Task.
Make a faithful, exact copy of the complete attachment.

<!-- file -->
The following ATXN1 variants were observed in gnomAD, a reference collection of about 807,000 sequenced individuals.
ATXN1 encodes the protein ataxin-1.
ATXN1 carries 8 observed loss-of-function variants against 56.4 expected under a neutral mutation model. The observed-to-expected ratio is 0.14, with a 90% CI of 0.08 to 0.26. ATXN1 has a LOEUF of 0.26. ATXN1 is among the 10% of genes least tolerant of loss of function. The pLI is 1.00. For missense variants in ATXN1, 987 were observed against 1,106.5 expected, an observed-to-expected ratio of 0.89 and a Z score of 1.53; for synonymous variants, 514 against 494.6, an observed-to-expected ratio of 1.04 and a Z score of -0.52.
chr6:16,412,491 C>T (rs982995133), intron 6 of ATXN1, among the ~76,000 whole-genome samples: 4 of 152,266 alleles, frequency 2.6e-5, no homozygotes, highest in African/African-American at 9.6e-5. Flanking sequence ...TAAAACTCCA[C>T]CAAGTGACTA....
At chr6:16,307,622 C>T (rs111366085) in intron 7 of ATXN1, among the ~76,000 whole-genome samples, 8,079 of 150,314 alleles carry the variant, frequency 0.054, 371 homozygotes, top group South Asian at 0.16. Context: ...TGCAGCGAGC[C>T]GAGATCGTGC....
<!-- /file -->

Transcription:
The following ATXN1 variants were observed in gnomAD, a reference collection of about 807,000 sequenced individuals.
ATXN1 encodes the protein ataxin-1.
ATXN1 carries 8 observed loss-of-function variants against 56.4 expected under a neutral mutation model. The observed-to-expected ratio is 0.14, with a 90% CI of 0.08 to 0.26. ATXN1 has a LOEUF of 0.26. ATXN1 is among the 10% of genes least tolerant of loss of function. The pLI is 1.00. For missense variants in ATXN1, 987 were observed against 1,106.5 expected, an observed-to-expected ratio of 0.89 and a Z score of 1.53; for synonymous variants, 514 against 494.6, an observed-to-expected ratio of 1.04 and a Z score of -0.52.
chr6:16,412,491 C>T (rs982995133), intron 6 of ATXN1, among the ~76,000 whole-genome samples: 4 of 152,266 alleles, frequency 2.6e-5, no homozygotes, highest in African/African-American at 9.6e-5. Flanking sequence ...TAAAACTCCA[C>T]CAAGTGACTA....
At chr6:16,307,622 C>T (rs111366085) in intron 7 of ATXN1, among the ~76,000 whole-genome samples, 8,079 of 150,314 alleles carry the variant, frequency 0.054, 371 homozygotes, top group South Asian at 0.16. Context: ...TGCAGCGAGC[C>T]GAGATCGTGC....